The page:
Moosehead March 7

I drove to Moosehead lake on Saturday afternoon. When I arrived at the Birches around 1500 and drove onto the ice to unload my Super DN it was very windy and cold. I knew it was gusty, as on the drive there the wind severely altered my course several times! There were some sailors raising their smallest sails. When they went out, I believe it was less than 10 minutes before they returned. As I was basically in street clothes I unloaded hull, plank, and mast onto the ice as quickly as possible, and if I remember correctly all sailors were back.

I had called before setting out and knew I had a bunk in one of the cabins. When I got up there, the cabin was nice an warm. It was not too long and we were all there, wood stove cranking and I believe it was Bill and Jim reserving a table at the restaurant. Kalla was serving nuts and I think cheese and other goodies, while I capitalized on Jim’s generously shared rum that he had the wisdom to bring along.

I think around 1900 we went to the Birches restaurant. About a dozen hungry ice boaters sat at the long table, and there was no shortage of conversational topic. The choice of food was good, wine was available, and we were all eager to eat and talk, and we did. When we got back to the cabin, stoked the stove, brushed teeth etc. it was not long at all and we were in bed and it was lights out.

The wind whistled all night and the fully stoked stove needed to be loaded again at 0600 so that is when I got up. It was not too long before we were all up with coffee and breakfast stuff. We all noted that the trees were still moving profusely. After plenty of coffee we all donned warm layers and ventured out to the ice.

When we arrived in the pit area the wind was strong and we hoped a bit less gusty. I had to assemble my boat still, and set it up in high wind trim. I had remembered to pack my storm sail this time and was happy that I did. All the others were raising their smallest sails as well, and as we were setting up we were noticing that gusts were happening. It was a bit warmer than Saturday, but it was definitely not spring sailing!

The Century Race was postponed due to the strong gusty winds and the still very cold temps.  It was cold and stupid windy, but of course I was just stupid enough to go out and sail my super DN beyond design specifications. Bill and I set out and sailed upwind a couple of miles. I sailed a bit further up than Bill because when I started falling off the wind to head down Bill was long gone.  After going upwind way fast, I started the two mile gusty downwind. As I was at warp speed already I steered a bit higher so that I was on course to the pit area. I was broad reaching now and speed increased accordingly. The 1/4 inch inserts with 18-20 inch profile were doing their thing, but I was (educated guess) hitting 75 knots. In the reach zone hit by a gust, runners slipped a bit, then caught, plank attachment failed. High speed crash with no serious injury other than my well bruised pride. I was however slow to get up, and it was not long before fellow iceboaters arrived to help pick up the pieces. After assistance from fellow crazies, sail and boom in cockpit mast lashed diagonal across plank and springboard, I started toward the pits again. Wind so strong I was able to sail a broad reach direction using my back and arms as a sail, about a mile!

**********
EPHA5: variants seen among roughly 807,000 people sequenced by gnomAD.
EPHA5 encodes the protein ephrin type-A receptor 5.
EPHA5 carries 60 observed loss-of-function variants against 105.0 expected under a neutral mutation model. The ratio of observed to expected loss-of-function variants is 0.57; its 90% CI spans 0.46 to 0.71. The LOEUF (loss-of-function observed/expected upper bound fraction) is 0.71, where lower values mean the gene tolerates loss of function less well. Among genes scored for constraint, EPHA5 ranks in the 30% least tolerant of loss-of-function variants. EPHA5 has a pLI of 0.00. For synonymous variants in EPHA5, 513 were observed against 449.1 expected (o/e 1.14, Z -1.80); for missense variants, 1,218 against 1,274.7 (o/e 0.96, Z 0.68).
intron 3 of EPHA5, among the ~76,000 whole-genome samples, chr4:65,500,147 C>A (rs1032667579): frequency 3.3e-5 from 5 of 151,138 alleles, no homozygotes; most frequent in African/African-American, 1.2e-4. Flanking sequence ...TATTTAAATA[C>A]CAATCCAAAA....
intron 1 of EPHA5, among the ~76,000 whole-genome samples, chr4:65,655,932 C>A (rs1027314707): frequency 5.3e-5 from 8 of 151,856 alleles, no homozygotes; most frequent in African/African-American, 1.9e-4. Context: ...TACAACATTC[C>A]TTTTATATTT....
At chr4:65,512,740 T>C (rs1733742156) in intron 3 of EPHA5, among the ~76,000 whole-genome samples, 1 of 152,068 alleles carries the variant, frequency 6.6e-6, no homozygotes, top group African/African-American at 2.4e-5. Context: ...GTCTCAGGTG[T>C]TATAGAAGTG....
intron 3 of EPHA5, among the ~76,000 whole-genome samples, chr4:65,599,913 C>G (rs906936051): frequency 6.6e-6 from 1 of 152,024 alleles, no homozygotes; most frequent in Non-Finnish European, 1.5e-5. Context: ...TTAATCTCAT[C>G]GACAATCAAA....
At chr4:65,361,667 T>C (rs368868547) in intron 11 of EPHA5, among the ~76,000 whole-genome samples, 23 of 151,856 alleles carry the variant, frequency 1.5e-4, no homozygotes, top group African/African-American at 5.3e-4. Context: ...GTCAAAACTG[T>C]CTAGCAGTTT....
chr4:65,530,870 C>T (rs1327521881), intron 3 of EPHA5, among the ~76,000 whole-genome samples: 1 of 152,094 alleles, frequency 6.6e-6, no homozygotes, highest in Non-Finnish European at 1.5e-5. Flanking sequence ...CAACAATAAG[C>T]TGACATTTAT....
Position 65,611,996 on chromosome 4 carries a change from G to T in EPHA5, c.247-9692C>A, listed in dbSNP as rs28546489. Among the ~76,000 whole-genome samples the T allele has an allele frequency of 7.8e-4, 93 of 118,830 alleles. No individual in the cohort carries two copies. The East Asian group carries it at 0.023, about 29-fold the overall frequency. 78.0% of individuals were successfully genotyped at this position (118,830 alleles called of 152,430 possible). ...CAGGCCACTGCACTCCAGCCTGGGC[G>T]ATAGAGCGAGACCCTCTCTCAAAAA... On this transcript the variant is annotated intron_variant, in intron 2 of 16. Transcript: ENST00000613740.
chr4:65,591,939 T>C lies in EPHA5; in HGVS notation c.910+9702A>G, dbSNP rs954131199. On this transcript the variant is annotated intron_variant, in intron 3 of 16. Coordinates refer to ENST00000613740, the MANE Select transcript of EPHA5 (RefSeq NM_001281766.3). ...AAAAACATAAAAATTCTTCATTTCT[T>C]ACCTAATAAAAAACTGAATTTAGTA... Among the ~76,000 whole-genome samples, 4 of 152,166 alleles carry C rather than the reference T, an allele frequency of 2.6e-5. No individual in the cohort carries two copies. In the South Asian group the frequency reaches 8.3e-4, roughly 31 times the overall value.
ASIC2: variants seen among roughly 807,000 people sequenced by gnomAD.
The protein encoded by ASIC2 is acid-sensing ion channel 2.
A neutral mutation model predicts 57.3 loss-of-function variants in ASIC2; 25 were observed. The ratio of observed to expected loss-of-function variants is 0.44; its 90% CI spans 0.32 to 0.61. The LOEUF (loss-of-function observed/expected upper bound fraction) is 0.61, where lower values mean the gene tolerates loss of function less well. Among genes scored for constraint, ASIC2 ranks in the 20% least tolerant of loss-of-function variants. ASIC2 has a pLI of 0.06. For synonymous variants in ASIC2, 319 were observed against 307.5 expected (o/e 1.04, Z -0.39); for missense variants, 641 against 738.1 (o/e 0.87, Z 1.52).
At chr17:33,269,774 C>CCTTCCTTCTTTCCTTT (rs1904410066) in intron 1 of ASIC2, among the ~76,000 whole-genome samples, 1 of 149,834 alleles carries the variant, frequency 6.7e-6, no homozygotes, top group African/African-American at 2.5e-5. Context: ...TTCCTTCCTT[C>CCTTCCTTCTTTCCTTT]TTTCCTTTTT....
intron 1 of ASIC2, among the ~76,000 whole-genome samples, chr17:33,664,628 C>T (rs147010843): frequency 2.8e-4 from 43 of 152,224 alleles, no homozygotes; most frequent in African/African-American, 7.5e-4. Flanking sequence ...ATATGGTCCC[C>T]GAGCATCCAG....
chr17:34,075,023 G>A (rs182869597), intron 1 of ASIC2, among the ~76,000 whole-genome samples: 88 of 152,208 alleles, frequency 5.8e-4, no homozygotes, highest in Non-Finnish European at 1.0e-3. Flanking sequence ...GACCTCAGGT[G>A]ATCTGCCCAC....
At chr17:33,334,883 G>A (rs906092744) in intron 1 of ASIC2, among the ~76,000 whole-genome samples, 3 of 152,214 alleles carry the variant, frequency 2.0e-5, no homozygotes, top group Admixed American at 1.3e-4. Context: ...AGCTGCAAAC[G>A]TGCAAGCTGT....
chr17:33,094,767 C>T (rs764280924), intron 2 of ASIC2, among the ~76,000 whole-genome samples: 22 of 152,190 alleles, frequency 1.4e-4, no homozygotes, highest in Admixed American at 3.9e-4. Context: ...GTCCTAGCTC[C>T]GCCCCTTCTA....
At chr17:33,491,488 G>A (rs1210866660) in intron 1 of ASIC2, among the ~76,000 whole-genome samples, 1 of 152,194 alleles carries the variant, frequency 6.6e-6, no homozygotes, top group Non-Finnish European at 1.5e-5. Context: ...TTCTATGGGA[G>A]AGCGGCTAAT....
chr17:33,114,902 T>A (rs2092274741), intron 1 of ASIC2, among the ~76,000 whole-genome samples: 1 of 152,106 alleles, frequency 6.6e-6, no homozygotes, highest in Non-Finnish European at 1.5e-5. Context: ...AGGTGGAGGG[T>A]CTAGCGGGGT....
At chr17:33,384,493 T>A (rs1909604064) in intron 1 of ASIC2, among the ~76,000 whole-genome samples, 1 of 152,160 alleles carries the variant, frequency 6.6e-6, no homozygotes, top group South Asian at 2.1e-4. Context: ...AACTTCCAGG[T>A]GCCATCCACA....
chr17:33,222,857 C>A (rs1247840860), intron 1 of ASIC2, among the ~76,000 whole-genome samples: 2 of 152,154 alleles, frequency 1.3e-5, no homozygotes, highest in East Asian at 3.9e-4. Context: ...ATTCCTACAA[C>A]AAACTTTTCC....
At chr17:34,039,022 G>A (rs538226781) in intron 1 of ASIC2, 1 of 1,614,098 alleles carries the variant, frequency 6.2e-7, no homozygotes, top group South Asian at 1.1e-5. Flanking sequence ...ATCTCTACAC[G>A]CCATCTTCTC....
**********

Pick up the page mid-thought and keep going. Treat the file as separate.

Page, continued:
It was the Super DN that I damaged so if life is good, and we get just the right amount of rain, Damariscotta will be good to go for the Maine State Championships this weekend. My DN will be my boat of choice, and hopefully will be yours as well. See You on the ice, Dave Fortier

By the way, here is the enlarged Lincoln Davis trophy that I was unable to attach last time it now has plenty of room for the names of future winners!

Well once again I was unable to get that damned photo into the message, I’ll keep trying!


About David Fortier

DN sailor since 1988
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3 Responses to Moosehead March 7

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  2. Jacques Côté says:

    Exquisite description of a memorable Saturday. I LUV’d it

    I’m in Sydney Nova Scotia and no sailable ice here in the harbour. Anyway, I’m spending some time to put together the broken mast and repair damages to my Whizz skeeter I capsized two years ago in crazy strong gusty winds. The mast broke and I ended up crashing heavily on the ice. Thanks to my helmet and luck, I ended up with a cut over the left eyebrows and a more serious internal bleeding in the lower abdomen. I’ve recovered since but haven’t sailed yet.

    I envy all the posters of you are amazing. Truly amazing.

    Thank you all.

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